ANCSA Regional and Language Map
Tlingit (Łingít) is the language of coastal Southeastern Alaska from Yakutat south to Ketchikan. The total Tlingit population in Alaska is about 10,000 in 16 communities with about 500 speakers of the language. Tlingit is one branch of the Athabascan-Eyak-Tlingit language family. A practical writing system was developed in the 1960s, and linguists such as Constance Naish, Gillian Story, Richard and Nora Dauenhauer, and Jeff Leer have documented the language through a number of publications, including a verb dictionary, a noun dictionary, and a collection of ancient legends and traditional stories by Tlingit elder Elizabeth Nyman. Links
Eyak was spoken in the 19th century from Yakutat along the southcentral Alaska coast to Eyak at the Copper River delta, but by the 20th century only at Eyak. It is now represented by about 50 people but no surviving fluent speakers. The last remaining native speaker of Eyak died in 2008.
Alutiiq (Sugpiaq, Sugcestun) is a Pacific Gulf variety of Yupik Eskimo spoken in two dialects from the Alaska Peninsula to Prince William Sound, including Kodiak Island. Of a total population of about 3,000 Alutiiq people, about 400 still speak the language.
Unangax (Aleut) is one branch of the Eskimo-Aleut language family. Its territory in Alaska encompasses the Aleutian Islands, the Pribilof Islands, and the Alaska Peninsula west of Stepovak Bay.
Central Alaskan Yup’ik is the largest of the state’s Native languages, both in the size of its population and the number of speakers. Of a total population of about 21,000 people, about 10,000 are speakers of the language. Children still grow up speaking Yup’ik as their first language in 17 of 68 Yup’ik villages, those mainly located on the lower Kuskokwim River, on Nelson Island, and along the coast between the Kuskokwim River and Nelson Island. The main dialect is General Central Yup’ik, and the other four dialects are Norton Sound, Hooper Bay-Chevak, Nunivak, and Egegik.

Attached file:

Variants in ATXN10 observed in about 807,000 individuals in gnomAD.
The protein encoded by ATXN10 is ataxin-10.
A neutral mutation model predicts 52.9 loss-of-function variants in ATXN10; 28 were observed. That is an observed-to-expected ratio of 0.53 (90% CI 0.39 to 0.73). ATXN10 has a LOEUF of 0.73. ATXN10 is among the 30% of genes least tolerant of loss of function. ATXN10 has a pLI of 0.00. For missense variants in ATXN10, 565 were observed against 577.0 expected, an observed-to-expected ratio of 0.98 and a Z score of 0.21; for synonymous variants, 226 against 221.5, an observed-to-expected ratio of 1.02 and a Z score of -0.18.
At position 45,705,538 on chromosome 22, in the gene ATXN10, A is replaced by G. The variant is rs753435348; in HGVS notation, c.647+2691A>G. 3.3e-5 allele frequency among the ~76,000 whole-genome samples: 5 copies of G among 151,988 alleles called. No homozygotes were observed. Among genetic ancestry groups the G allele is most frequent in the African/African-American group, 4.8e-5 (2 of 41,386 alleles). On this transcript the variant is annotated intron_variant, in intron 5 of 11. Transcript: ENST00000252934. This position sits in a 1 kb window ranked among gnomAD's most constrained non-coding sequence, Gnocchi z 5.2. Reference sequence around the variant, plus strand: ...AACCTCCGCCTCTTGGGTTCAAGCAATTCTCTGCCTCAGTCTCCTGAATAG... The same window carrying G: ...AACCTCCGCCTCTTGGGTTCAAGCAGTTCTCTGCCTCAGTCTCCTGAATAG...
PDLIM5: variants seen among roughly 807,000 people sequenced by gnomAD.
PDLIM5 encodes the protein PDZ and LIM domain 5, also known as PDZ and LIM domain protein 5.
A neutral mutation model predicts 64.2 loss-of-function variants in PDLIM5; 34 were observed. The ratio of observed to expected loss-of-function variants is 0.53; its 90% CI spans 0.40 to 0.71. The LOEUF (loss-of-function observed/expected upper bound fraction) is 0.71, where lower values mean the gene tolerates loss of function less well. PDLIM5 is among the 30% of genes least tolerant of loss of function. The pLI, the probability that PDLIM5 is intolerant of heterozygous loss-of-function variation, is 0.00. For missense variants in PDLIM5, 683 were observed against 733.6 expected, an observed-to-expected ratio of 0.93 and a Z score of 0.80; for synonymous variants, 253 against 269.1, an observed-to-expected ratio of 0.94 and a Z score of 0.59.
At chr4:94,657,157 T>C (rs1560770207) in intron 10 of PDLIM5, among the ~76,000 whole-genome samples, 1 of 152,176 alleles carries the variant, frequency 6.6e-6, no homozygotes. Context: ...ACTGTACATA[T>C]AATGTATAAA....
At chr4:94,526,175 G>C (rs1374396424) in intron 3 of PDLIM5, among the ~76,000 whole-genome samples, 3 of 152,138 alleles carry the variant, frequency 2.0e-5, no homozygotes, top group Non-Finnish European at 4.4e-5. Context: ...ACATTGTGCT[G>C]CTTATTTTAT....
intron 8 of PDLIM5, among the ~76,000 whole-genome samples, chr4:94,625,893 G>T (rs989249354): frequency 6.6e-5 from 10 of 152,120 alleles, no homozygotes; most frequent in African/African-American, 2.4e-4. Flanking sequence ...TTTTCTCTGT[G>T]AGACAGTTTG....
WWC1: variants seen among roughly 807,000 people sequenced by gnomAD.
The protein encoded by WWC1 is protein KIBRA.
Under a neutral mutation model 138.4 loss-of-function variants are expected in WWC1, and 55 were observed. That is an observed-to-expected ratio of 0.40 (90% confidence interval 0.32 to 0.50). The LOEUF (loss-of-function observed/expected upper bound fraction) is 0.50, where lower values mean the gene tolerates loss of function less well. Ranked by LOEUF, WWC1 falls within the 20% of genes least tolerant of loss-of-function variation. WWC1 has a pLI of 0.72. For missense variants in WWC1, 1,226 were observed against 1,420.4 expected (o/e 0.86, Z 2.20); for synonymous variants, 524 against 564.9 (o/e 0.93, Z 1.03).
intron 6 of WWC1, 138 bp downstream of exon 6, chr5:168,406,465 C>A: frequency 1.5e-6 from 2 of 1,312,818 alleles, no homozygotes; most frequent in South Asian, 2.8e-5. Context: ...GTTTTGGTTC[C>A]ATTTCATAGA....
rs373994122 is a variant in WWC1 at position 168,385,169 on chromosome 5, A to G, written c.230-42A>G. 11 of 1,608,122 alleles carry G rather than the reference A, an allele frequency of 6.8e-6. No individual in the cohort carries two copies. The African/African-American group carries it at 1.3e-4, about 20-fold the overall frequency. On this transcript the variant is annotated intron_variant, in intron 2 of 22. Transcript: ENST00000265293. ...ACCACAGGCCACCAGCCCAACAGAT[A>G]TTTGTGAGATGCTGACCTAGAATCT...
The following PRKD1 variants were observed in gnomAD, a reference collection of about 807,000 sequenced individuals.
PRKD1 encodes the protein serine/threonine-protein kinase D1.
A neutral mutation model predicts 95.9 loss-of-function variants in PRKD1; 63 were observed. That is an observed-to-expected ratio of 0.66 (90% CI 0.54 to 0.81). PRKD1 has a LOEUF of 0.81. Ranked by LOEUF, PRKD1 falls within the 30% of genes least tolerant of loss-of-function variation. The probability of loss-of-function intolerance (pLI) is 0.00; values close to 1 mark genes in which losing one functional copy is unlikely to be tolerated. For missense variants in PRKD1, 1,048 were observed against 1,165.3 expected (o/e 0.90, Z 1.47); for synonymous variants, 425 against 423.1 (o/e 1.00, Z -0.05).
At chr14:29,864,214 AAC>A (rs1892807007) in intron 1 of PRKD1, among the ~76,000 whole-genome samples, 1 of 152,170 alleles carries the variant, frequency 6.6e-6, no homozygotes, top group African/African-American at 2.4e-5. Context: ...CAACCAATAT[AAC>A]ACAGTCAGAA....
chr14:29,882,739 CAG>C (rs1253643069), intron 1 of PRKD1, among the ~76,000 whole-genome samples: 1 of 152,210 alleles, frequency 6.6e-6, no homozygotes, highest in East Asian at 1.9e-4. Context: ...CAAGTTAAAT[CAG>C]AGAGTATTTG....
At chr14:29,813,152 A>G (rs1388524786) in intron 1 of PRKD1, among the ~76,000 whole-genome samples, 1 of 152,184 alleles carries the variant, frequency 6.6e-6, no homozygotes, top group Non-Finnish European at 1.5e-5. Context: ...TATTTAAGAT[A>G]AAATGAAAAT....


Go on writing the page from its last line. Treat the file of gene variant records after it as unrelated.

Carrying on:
Dena’ina (Tanaina), the Athabascan language of the Cook Inlet area, has four dialects — on the Kenai Peninsula, in Upper Inlet area above Anchorage, and in coastal and inland areas on the west side of Cook Inlet. Dena’ina is the only Alaska Athabascan language to be spoken in a coastal environment, and it is the only Alaska Athabascan language spoken on both sides of the Alaska Range.
Ahtna Athabascan is the language of the Copper River and the upper Susitna and Nenana drainages in eight communities. The total population is about is about 500 with perhaps 80 speakers.
Upper Tanana Athabascan is spoken mainly in the Alaska villages of Northway, Tetlin, and Tok, but has a small population also across the border in Canada. The indigenous name for the language is Nee’aaneegn’. During the 1960s, Paul Milanowski established a writing system, and he worked with Alfred John to produce several booklets and a school dictionary for use in bilingual programs. James Kari recorded and transcribed a book of stories by Mary Tyone in 1996.
Tanacross is the ancestral language of the Mansfield-Ketchumstock and Healy Lake-Joseph Village bands. It is spoken today at Healy Lake, Dot Lake, and Tanacross on the middle Tanana River. The total population is about 220, of whom about 65 speak the language.